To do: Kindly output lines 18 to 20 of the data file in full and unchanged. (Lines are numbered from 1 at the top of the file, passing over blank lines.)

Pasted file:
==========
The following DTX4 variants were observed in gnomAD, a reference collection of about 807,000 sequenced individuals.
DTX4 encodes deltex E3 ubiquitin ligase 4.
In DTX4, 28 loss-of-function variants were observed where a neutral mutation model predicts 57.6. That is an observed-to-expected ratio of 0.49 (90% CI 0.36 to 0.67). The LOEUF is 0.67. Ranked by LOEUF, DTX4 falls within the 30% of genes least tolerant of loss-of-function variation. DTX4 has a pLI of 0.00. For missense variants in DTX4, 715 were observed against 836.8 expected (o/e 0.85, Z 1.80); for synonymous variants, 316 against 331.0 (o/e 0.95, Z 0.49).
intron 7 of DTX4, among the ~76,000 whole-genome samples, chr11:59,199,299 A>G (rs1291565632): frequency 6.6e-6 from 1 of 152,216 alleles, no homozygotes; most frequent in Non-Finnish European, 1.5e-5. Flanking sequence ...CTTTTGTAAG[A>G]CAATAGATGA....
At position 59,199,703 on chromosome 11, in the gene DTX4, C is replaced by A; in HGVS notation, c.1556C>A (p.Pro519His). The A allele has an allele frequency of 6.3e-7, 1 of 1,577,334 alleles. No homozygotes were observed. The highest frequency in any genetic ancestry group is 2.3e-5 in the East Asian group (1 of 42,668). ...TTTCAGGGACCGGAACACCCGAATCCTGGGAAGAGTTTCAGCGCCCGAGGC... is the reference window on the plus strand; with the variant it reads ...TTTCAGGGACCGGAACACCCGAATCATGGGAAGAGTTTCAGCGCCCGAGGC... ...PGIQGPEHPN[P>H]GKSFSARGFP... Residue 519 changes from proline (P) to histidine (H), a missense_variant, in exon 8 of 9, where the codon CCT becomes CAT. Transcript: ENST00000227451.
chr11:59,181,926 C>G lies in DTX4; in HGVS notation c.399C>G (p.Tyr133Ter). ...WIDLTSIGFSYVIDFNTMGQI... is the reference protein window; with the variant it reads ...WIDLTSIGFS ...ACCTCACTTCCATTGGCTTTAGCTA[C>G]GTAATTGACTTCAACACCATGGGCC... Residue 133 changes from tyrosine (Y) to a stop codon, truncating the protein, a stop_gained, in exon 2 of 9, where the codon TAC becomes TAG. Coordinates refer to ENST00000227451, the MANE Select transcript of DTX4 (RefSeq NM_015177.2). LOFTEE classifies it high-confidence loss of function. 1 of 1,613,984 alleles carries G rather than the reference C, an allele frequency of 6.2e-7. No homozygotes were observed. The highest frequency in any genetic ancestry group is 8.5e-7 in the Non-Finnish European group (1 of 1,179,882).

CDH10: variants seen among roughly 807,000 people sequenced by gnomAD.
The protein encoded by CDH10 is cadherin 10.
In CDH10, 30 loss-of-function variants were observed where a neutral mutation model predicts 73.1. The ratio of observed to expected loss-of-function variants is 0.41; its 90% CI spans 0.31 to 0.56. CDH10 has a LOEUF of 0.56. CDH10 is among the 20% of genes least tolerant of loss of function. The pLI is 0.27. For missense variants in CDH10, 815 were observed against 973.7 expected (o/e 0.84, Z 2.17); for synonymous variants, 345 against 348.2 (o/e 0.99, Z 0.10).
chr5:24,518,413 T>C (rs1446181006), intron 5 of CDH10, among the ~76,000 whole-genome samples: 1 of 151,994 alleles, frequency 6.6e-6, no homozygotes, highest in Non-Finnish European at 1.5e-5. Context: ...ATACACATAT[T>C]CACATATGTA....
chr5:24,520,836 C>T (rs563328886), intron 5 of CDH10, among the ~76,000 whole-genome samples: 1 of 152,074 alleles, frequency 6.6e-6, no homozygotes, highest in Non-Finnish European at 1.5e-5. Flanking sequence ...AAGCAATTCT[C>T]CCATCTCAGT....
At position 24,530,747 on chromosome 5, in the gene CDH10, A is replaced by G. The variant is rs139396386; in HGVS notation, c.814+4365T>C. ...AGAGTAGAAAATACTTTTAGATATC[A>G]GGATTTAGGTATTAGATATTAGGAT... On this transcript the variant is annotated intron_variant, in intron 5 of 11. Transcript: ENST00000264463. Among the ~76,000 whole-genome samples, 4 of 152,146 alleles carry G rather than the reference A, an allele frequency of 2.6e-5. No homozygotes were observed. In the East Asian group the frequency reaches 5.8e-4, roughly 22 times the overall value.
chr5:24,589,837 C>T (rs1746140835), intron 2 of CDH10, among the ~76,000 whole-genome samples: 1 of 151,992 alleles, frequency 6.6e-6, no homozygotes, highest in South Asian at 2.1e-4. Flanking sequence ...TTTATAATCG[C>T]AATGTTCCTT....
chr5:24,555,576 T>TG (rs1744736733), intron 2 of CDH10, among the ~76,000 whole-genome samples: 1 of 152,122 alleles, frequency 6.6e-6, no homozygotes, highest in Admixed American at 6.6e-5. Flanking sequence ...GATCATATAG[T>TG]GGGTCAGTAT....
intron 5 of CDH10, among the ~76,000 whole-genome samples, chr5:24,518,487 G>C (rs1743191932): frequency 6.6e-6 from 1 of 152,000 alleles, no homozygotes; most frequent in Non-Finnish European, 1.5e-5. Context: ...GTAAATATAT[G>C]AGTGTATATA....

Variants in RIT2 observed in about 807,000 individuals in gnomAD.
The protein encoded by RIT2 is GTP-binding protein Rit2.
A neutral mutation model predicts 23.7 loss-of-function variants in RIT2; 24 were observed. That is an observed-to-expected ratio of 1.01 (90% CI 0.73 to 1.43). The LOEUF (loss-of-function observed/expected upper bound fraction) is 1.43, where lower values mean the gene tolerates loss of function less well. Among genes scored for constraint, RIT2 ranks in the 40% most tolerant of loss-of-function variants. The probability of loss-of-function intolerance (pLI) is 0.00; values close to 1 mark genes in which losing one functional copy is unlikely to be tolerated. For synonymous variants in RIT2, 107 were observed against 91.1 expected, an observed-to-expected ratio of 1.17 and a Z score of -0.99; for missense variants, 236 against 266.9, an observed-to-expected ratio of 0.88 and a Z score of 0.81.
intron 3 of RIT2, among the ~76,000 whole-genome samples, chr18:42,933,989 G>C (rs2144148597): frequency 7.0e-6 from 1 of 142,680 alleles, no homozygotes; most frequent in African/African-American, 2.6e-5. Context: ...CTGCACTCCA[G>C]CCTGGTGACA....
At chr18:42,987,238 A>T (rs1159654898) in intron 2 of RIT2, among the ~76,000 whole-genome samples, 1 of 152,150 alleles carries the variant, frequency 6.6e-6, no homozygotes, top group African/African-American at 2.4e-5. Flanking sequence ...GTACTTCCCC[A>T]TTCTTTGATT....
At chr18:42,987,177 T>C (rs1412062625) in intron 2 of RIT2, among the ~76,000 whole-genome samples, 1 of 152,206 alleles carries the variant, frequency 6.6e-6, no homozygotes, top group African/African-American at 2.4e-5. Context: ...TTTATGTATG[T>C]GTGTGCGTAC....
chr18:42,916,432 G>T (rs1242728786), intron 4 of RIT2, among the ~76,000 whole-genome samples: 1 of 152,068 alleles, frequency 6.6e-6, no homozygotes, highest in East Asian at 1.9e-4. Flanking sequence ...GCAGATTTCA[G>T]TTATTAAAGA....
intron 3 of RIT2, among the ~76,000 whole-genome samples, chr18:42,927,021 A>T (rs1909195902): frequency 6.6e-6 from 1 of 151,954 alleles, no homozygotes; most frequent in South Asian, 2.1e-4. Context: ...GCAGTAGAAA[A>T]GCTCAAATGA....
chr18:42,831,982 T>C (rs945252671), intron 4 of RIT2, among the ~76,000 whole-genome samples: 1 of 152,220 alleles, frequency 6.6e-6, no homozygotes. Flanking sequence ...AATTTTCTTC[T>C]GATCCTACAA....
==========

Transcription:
A neutral mutation model predicts 23.7 loss-of-function variants in RIT2; 24 were observed. That is an observed-to-expected ratio of 1.01 (90% CI 0.73 to 1.43). The LOEUF (loss-of-function observed/expected upper bound fraction) is 1.43, where lower values mean the gene tolerates loss of function less well. Among genes scored for constraint, RIT2 ranks in the 40% most tolerant of loss-of-function variants. The probability of loss-of-function intolerance (pLI) is 0.00; values close to 1 mark genes in which losing one functional copy is unlikely to be tolerated. For synonymous variants in RIT2, 107 were observed against 91.1 expected, an observed-to-expected ratio of 1.17 and a Z score of -0.99; for missense variants, 236 against 266.9, an observed-to-expected ratio of 0.88 and a Z score of 0.81.
intron 3 of RIT2, among the ~76,000 whole-genome samples, chr18:42,933,989 G>C (rs2144148597): frequency 7.0e-6 from 1 of 142,680 alleles, no homozygotes; most frequent in African/African-American, 2.6e-5. Context: ...CTGCACTCCA[G>C]CCTGGTGACA....
At chr18:42,987,238 A>T (rs1159654898) in intron 2 of RIT2, among the ~76,000 whole-genome samples, 1 of 152,150 alleles carries the variant, frequency 6.6e-6, no homozygotes, top group African/African-American at 2.4e-5. Flanking sequence ...GTACTTCCCC[A>T]TTCTTTGATT....